Paul Nicklen on the Pleasures of Not Photographing

Before describing how a leopard seal tried to feed him live penguins, National Geographic photographer Paul Nicklen spoke to Melissa Block on NPR about the pleasures of not photographing:

“A lot of photographers see the world through their cameras. And I love these animals so much — I like to just sit there, and watch. So no, you have these experiences, and they’re almost as special as the pictures themselves. When I’m on my deathbed, I’m going to be thinking of the bowhead experience and I’m not going to be looking at a bunch of pictures on my wall.”

(Related: Unphotographable, and something I wrote here a long while ago and cannot locate about No Flash Corner and how I used to go there and not take any pictures at all, that I’d watch people and try to learn something about light and people and photography (and how each elbows the other) without putting my camera in anyone’s face, and I realized I learned as much from watching and not shooting as I did when I was shooting, and realizing that, knew that (for me) photography wouldn’t be about the flat photograph, but rather the being there inside the  w i d e  experience. Many of us ratchet between photographic affection for the emulsion-on-the-neg or the proof-that-you-exist-care-and-were-there or the magic of seeing the image reveal itself in a print, but the root of all of them is to arrive in the first place, ready for anything, with honest interest and your eyes wide.)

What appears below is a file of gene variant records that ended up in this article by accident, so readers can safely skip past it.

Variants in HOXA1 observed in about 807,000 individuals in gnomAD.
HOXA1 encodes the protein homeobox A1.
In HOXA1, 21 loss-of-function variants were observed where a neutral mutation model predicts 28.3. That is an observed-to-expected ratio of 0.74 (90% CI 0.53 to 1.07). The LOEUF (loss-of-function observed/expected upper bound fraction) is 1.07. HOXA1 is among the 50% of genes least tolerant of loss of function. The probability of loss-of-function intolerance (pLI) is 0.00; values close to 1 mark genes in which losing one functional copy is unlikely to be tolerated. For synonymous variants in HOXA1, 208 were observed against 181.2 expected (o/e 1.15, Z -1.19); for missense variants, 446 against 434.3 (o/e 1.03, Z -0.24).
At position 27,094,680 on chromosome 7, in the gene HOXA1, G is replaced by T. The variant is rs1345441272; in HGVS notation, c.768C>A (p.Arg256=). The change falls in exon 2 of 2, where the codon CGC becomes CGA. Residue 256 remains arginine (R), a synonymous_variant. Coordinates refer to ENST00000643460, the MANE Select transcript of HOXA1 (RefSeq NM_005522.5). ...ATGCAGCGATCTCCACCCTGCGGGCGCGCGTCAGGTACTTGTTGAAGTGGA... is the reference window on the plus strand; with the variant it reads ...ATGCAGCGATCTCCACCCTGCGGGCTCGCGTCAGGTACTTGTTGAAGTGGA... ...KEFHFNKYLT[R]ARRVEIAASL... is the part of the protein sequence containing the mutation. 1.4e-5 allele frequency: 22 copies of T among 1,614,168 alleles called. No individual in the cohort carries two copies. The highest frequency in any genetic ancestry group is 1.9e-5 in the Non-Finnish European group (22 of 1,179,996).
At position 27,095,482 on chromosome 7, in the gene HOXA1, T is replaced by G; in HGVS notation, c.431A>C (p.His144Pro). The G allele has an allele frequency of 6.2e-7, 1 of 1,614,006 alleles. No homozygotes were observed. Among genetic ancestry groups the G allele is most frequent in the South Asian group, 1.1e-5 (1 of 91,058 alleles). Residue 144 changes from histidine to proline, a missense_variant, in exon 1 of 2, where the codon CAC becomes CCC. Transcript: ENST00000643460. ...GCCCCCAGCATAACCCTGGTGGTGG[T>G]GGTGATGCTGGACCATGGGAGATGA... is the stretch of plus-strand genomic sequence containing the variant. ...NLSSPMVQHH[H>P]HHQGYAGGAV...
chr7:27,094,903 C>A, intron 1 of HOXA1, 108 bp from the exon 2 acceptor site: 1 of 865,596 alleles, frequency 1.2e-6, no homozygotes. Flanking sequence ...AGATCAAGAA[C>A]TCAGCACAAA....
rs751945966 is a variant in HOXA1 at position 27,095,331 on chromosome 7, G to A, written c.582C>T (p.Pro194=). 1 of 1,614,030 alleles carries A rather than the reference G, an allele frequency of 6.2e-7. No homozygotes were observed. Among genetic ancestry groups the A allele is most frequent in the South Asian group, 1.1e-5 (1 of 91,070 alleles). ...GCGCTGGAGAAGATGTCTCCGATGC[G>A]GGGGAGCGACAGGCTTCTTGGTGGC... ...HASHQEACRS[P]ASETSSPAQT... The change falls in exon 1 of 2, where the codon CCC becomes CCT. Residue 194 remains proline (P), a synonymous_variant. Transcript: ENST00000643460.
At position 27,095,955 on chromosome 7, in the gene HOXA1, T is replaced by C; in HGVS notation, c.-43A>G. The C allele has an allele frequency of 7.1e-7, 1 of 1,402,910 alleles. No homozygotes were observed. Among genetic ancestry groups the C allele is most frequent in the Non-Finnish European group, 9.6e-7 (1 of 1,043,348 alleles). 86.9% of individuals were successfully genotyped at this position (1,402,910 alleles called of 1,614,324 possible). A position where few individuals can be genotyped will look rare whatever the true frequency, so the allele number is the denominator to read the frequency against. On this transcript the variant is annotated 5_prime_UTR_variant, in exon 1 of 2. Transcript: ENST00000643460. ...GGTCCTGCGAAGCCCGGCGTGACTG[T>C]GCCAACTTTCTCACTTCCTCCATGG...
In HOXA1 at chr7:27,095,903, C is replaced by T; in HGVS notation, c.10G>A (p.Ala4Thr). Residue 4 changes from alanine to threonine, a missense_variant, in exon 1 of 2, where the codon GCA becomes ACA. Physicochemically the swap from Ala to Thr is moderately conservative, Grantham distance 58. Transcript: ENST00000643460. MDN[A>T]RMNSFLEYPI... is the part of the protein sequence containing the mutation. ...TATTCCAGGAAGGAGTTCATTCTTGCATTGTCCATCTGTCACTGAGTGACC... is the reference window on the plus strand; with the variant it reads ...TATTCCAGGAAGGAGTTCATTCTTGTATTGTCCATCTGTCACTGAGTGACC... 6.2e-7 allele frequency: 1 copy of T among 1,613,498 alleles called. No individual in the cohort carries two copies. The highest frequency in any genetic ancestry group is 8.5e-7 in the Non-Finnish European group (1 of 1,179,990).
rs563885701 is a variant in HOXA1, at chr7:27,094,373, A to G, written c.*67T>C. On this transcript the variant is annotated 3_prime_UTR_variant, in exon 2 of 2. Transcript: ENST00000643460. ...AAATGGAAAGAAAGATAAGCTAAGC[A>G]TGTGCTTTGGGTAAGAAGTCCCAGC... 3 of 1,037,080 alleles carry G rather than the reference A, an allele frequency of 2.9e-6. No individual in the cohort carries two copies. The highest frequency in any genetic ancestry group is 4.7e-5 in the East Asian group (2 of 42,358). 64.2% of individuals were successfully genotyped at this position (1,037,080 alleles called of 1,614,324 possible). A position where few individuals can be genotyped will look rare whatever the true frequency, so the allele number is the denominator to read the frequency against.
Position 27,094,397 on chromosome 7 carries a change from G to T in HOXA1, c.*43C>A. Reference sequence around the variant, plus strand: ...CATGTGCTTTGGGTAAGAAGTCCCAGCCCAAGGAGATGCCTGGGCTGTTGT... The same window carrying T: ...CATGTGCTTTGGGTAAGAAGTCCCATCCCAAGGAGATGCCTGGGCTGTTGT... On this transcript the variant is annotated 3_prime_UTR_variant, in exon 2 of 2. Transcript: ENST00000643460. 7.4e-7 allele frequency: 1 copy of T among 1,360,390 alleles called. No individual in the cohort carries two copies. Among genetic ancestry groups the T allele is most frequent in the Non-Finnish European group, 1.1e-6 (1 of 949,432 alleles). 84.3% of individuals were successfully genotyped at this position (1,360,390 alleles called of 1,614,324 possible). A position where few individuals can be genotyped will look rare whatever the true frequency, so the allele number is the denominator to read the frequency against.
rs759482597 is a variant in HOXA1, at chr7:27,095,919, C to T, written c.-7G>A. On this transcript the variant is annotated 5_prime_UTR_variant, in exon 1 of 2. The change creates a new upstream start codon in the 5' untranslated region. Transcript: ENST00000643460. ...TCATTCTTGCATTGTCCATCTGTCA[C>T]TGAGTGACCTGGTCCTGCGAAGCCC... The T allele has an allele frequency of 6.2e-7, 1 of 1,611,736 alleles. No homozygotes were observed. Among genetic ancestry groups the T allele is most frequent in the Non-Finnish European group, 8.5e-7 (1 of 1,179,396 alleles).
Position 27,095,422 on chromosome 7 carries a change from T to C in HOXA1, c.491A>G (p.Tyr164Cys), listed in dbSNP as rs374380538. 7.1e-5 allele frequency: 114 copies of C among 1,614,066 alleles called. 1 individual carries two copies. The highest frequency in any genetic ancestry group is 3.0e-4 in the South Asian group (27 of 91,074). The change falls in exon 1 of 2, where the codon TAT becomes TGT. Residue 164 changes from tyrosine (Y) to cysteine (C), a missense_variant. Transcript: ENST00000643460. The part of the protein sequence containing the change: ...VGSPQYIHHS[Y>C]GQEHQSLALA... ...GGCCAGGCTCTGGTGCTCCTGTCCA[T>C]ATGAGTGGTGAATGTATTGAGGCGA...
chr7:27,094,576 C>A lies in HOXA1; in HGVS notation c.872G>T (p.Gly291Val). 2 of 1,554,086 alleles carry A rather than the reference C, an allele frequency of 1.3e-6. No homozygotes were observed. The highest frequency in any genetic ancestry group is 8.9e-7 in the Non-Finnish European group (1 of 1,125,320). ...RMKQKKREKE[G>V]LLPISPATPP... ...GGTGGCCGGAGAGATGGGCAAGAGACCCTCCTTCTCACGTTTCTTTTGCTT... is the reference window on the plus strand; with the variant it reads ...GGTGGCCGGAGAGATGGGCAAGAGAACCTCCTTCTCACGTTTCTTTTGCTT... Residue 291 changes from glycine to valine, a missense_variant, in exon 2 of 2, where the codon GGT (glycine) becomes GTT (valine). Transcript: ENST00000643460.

One thought on “Paul Nicklen on the Pleasures of Not Photographing”

  1. Taking pictures just inside yourself is a nice way to spend your time. The only sad thing is not being able to share these pictures with others that weren’t present (at least in a non-verbal way), but maybe even this adds more zest to it.

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